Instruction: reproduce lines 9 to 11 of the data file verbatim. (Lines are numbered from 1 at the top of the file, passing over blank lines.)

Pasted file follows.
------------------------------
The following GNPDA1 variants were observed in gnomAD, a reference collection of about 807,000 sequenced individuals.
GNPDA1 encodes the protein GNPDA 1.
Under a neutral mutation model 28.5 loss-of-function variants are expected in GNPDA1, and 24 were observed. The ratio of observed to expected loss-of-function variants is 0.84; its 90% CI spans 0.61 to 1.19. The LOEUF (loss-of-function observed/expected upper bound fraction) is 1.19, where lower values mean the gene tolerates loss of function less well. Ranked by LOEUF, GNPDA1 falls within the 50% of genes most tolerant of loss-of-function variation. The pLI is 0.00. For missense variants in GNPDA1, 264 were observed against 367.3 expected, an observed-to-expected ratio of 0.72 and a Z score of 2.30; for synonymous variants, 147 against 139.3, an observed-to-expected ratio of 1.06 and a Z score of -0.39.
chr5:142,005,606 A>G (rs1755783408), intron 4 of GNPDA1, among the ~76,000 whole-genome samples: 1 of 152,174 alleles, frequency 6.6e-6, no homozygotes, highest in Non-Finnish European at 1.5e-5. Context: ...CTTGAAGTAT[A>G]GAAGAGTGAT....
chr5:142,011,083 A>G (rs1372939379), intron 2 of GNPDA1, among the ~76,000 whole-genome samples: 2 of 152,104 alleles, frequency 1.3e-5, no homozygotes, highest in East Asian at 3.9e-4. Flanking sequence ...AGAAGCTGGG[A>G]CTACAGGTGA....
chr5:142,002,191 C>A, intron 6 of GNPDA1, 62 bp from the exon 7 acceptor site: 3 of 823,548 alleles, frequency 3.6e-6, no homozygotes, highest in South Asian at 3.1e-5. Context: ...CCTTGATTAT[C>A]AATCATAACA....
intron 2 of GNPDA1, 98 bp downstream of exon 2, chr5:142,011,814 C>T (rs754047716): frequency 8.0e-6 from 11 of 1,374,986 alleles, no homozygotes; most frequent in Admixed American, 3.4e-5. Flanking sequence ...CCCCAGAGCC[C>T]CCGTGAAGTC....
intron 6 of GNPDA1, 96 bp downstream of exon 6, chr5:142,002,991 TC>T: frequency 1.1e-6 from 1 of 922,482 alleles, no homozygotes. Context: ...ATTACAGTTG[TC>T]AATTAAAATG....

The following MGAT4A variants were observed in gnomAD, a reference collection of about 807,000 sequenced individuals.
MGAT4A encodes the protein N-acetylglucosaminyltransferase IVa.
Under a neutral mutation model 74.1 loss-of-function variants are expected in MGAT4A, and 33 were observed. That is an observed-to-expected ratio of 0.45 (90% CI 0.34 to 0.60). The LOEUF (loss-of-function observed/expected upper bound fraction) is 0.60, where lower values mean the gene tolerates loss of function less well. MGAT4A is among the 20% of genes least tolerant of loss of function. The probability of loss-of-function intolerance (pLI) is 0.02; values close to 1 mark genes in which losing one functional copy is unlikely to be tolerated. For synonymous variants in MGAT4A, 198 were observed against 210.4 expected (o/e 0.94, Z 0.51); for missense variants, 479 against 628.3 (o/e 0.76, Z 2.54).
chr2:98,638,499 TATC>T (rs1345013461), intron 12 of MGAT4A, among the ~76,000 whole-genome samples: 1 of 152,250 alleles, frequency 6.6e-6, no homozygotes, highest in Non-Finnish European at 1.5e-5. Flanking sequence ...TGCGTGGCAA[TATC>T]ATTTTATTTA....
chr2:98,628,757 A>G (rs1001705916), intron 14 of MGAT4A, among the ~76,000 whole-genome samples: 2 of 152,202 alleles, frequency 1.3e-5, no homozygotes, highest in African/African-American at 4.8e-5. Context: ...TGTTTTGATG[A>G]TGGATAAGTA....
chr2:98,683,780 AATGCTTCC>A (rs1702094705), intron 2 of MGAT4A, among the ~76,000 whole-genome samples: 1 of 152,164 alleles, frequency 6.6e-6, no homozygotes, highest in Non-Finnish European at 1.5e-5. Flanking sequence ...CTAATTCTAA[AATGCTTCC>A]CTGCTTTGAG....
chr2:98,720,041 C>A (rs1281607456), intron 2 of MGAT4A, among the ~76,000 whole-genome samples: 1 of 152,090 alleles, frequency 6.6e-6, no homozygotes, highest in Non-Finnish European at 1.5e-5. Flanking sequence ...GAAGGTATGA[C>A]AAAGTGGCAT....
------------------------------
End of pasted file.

The following MGAT4A variants were observed in gnomAD, a reference collection of about 807,000 sequenced individuals.
MGAT4A encodes the protein N-acetylglucosaminyltransferase IVa.
Under a neutral mutation model 74.1 loss-of-function variants are expected in MGAT4A, and 33 were observed. That is an observed-to-expected ratio of 0.45 (90% CI 0.34 to 0.60). The LOEUF (loss-of-function observed/expected upper bound fraction) is 0.60, where lower values mean the gene tolerates loss of function less well. MGAT4A is among the 20% of genes least tolerant of loss of function. The probability of loss-of-function intolerance (pLI) is 0.02; values close to 1 mark genes in which losing one functional copy is unlikely to be tolerated. For synonymous variants in MGAT4A, 198 were observed against 210.4 expected (o/e 0.94, Z 0.51); for missense variants, 479 against 628.3 (o/e 0.76, Z 2.54).